I don’t fit in, in most places in my life. In fact, I can’t think of one spot where I fit in!
This used to slay me. Oh the tears I cried! Today, I do not say this for sympathy. I have finally accepted and embraced that I am different. I know that I am not different just because I'm adopted. Part of it is being an INFJ (the rarest personality in the world. Only 1% of the population has this personality type) and the bottom line is -- God made me different! As I mentioned, this wasn't always easy for me.
Growing up, when my friends who are not adopted talked about various aspects of their lives like genetic commonalities with their parents and siblings, I could not relate. It made me sad. Being adopted also brought about moments of getting what I call “that feeling.” I wrote about this in a post at Lost Daughters a few years ago:
“Each time something in my life happens that makes me feel different, singled out, and unique from the rest of the population, it becomes a trigger. Instantly I experience that feeling... a flash of rejection, linking whatever the latest happening in my life is, all the way back to 1966. But whenever I get left out, over-looked, singled out in a negative manner, uninvited or forgotten, I instantly go all the way back to my childhood and have this flash of a thought that I'm somehow doomed to be different, singled-out, left out, over-looked, uninvited and forgotten because I'm adopted.”
Like many adoptees, I started running hard to achieve to overcome the ache in my soul over being different. In my twenties, I was in counseling for workaholism and the counselor said, “What are you running so hard from?” At that time I didn’t have an answer. I was still unaware of why I did what I did. It’s interesting that the intake forms said nothing about adoption. In the initial session the counselor asked if there was anything about me he should know that wasn’t covered on the forms. I said, “Well, I’m adopted.” He kept right on going like I said I take two teaspoons of creamer with my coffee. Like it was nothing. But it was really the key to everything. It was the reason why I was running so hard. He missed it. My issues would continue for two more decades without the root of it being discovered and addressed.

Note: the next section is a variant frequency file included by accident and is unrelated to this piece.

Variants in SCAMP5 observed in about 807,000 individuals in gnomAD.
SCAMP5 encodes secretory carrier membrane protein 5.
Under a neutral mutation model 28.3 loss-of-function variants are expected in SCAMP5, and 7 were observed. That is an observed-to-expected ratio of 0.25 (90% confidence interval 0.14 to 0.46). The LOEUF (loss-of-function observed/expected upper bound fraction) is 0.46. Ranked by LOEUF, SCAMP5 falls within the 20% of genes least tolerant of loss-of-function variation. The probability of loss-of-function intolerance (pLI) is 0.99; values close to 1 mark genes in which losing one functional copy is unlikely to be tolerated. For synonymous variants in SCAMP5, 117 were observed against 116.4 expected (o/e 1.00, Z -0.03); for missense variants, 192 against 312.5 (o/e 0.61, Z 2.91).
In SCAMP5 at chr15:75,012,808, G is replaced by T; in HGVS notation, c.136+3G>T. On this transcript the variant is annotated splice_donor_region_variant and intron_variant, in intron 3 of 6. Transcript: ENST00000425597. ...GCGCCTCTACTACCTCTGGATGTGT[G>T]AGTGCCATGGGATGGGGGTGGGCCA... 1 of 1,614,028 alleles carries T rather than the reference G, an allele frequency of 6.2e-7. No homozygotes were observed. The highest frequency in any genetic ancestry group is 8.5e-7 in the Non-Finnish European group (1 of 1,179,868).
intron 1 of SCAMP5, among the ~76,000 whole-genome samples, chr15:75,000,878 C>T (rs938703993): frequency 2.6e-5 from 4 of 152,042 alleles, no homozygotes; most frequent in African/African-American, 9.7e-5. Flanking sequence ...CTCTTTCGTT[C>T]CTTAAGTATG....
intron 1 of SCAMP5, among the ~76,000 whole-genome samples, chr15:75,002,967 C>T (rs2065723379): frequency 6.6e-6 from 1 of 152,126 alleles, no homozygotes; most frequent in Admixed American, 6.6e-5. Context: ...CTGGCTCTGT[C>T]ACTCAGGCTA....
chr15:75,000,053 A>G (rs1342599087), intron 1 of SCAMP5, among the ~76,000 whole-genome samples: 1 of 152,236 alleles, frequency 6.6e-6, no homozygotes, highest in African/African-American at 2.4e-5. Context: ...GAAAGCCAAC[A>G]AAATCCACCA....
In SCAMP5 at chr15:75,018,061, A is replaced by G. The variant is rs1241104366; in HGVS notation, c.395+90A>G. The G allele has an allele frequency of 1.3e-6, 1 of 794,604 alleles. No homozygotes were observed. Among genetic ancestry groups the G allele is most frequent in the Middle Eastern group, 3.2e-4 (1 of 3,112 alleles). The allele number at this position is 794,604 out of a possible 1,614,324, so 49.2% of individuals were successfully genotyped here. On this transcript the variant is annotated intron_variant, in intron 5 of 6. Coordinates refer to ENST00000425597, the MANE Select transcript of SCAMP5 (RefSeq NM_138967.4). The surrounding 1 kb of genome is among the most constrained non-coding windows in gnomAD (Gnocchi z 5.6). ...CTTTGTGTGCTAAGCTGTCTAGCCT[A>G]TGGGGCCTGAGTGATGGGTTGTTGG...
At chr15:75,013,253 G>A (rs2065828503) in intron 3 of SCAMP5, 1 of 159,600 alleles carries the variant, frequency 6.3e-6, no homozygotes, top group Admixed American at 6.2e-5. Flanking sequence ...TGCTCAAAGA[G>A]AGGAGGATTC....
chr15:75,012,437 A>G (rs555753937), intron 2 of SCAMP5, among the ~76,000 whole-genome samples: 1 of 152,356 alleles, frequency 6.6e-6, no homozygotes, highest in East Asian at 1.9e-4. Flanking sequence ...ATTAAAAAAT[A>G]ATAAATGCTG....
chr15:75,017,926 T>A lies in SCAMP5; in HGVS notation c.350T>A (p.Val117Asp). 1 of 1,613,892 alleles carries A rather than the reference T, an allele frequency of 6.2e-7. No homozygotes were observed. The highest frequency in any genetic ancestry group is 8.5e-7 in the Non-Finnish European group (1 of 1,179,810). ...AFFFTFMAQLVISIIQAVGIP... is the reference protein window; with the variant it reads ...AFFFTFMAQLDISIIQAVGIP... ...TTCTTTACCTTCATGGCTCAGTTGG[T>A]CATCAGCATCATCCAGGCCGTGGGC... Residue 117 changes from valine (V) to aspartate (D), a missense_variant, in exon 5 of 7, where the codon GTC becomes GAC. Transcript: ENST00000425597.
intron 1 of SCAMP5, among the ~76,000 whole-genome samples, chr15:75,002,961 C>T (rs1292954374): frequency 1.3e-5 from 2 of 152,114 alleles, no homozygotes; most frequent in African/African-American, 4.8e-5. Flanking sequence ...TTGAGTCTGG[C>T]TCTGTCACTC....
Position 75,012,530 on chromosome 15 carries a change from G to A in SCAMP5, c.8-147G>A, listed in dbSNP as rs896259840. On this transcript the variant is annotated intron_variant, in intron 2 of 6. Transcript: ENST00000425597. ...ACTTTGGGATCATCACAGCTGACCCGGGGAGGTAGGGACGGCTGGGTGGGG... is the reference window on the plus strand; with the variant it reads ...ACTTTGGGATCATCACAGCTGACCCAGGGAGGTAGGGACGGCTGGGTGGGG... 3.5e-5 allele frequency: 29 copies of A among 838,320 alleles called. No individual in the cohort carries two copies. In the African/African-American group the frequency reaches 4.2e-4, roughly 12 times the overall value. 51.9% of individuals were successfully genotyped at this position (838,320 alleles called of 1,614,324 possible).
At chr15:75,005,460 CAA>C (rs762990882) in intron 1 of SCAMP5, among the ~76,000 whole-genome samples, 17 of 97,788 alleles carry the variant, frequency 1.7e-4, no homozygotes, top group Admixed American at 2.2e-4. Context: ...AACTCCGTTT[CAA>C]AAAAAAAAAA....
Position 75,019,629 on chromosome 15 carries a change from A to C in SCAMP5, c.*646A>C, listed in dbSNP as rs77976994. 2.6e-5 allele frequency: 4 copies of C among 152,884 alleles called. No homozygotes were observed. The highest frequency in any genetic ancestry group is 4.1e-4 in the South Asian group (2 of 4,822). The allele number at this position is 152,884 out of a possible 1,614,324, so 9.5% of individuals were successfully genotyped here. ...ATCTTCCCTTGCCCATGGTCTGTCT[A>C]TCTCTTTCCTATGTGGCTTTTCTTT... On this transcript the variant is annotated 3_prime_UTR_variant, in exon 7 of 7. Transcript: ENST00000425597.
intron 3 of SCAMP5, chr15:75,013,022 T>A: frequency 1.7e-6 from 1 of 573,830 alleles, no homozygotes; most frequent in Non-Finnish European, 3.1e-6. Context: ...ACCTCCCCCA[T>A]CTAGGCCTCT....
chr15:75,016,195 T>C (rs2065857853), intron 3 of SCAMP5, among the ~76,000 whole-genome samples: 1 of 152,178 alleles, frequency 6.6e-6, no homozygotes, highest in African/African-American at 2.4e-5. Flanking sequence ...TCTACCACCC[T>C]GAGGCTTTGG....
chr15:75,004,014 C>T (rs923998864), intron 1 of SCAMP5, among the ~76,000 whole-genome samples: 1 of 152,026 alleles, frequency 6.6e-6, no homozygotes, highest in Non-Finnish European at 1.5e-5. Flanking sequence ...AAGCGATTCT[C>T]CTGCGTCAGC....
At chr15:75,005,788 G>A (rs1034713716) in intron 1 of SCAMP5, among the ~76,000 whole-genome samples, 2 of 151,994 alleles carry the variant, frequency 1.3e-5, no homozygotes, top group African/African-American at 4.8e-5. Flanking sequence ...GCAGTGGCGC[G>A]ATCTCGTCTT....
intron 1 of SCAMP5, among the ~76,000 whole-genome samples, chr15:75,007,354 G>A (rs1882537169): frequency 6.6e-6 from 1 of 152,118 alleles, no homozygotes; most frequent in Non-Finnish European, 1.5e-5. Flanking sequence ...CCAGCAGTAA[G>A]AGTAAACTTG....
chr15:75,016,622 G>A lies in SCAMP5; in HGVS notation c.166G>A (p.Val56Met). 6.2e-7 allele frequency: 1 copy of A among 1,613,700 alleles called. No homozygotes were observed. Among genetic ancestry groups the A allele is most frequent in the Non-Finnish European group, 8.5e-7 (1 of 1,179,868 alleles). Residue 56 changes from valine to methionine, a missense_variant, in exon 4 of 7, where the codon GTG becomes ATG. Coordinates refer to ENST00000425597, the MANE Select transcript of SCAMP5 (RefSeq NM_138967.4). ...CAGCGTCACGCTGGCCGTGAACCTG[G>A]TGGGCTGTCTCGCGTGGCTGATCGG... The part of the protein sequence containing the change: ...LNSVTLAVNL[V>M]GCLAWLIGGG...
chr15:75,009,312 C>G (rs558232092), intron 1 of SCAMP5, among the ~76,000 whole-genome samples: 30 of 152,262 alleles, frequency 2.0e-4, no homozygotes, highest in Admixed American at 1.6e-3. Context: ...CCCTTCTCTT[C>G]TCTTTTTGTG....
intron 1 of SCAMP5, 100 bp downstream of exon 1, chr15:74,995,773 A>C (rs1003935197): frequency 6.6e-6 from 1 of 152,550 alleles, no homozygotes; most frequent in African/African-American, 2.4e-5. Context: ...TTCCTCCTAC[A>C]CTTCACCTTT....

I watch the show This is Us, and like many adoptees, I relate to Randall. My life is a combo between running hard to achieve and being overwhelmed with anxiety.
I’ve found that once you realize why you do what you do, things change. I think I have made peace with why I run hard. I stopped trying to change myself in that regard. I’ve also learned how to find peace when I’m anxious. I have had to find tools to do that, and one of the recent ones I’ve started implementing is known as Soaking Prayer. This has been more helpful in quelling my anxiety than anything I have tried previous.
Here is something to think about…
If you are struggling with not fitting in, here is something to think about. When you are odd, you aren’t overlooked. Everyone notices that which is different. And, is sameness really a worthy goal? No one who ever did anything great was the same as everybody else.
I am at peace knowing that I don’t fit in. I recently heard it said that you have to make a mental shift and realize, it’s not that you are missing out, it’s that you are set apart for something great. You have to own your oddity and make it work for you.